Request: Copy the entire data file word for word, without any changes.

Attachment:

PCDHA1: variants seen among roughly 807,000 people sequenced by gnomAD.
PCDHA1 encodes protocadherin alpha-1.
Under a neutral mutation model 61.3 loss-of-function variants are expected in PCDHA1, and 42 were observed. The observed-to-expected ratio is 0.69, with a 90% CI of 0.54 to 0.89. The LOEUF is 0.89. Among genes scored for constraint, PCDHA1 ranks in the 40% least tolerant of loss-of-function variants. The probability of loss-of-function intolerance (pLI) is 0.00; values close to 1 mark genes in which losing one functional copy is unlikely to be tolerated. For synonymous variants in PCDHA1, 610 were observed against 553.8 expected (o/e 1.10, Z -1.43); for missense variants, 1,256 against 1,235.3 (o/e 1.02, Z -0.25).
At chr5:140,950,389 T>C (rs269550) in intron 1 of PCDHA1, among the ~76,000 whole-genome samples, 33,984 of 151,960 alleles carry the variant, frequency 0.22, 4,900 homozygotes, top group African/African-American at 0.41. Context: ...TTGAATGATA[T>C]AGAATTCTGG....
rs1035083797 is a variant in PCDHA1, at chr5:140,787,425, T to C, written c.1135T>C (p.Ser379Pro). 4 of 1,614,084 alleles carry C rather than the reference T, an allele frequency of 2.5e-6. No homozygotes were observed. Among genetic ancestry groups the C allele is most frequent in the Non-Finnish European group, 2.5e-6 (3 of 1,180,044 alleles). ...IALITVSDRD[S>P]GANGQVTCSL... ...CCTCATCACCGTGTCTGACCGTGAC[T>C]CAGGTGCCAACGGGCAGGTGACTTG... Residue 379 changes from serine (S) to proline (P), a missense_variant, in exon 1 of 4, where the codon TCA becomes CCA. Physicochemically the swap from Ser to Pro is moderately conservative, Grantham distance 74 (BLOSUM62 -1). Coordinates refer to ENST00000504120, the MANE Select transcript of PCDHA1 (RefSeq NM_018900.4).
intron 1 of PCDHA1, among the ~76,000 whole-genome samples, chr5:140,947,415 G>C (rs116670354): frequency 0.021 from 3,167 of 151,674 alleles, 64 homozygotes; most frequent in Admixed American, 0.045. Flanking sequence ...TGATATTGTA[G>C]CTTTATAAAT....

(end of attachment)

PCDHA1: variants seen among roughly 807,000 people sequenced by gnomAD.
PCDHA1 encodes protocadherin alpha-1.
Under a neutral mutation model 61.3 loss-of-function variants are expected in PCDHA1, and 42 were observed. The observed-to-expected ratio is 0.69, with a 90% CI of 0.54 to 0.89. The LOEUF is 0.89. Among genes scored for constraint, PCDHA1 ranks in the 40% least tolerant of loss-of-function variants. The probability of loss-of-function intolerance (pLI) is 0.00; values close to 1 mark genes in which losing one functional copy is unlikely to be tolerated. For synonymous variants in PCDHA1, 610 were observed against 553.8 expected (o/e 1.10, Z -1.43); for missense variants, 1,256 against 1,235.3 (o/e 1.02, Z -0.25).
At chr5:140,950,389 T>C (rs269550) in intron 1 of PCDHA1, among the ~76,000 whole-genome samples, 33,984 of 151,960 alleles carry the variant, frequency 0.22, 4,900 homozygotes, top group African/African-American at 0.41. Context: ...TTGAATGATA[T>C]AGAATTCTGG....
rs1035083797 is a variant in PCDHA1, at chr5:140,787,425, T to C, written c.1135T>C (p.Ser379Pro). 4 of 1,614,084 alleles carry C rather than the reference T, an allele frequency of 2.5e-6. No homozygotes were observed. Among genetic ancestry groups the C allele is most frequent in the Non-Finnish European group, 2.5e-6 (3 of 1,180,044 alleles). ...IALITVSDRD[S>P]GANGQVTCSL... ...CCTCATCACCGTGTCTGACCGTGAC[T>C]CAGGTGCCAACGGGCAGGTGACTTG... Residue 379 changes from serine (S) to proline (P), a missense_variant, in exon 1 of 4, where the codon TCA becomes CCA. Physicochemically the swap from Ser to Pro is moderately conservative, Grantham distance 74 (BLOSUM62 -1). Coordinates refer to ENST00000504120, the MANE Select transcript of PCDHA1 (RefSeq NM_018900.4).
intron 1 of PCDHA1, among the ~76,000 whole-genome samples, chr5:140,947,415 G>C (rs116670354): frequency 0.021 from 3,167 of 151,674 alleles, 64 homozygotes; most frequent in Admixed American, 0.045. Flanking sequence ...TGATATTGTA[G>C]CTTTATAAAT....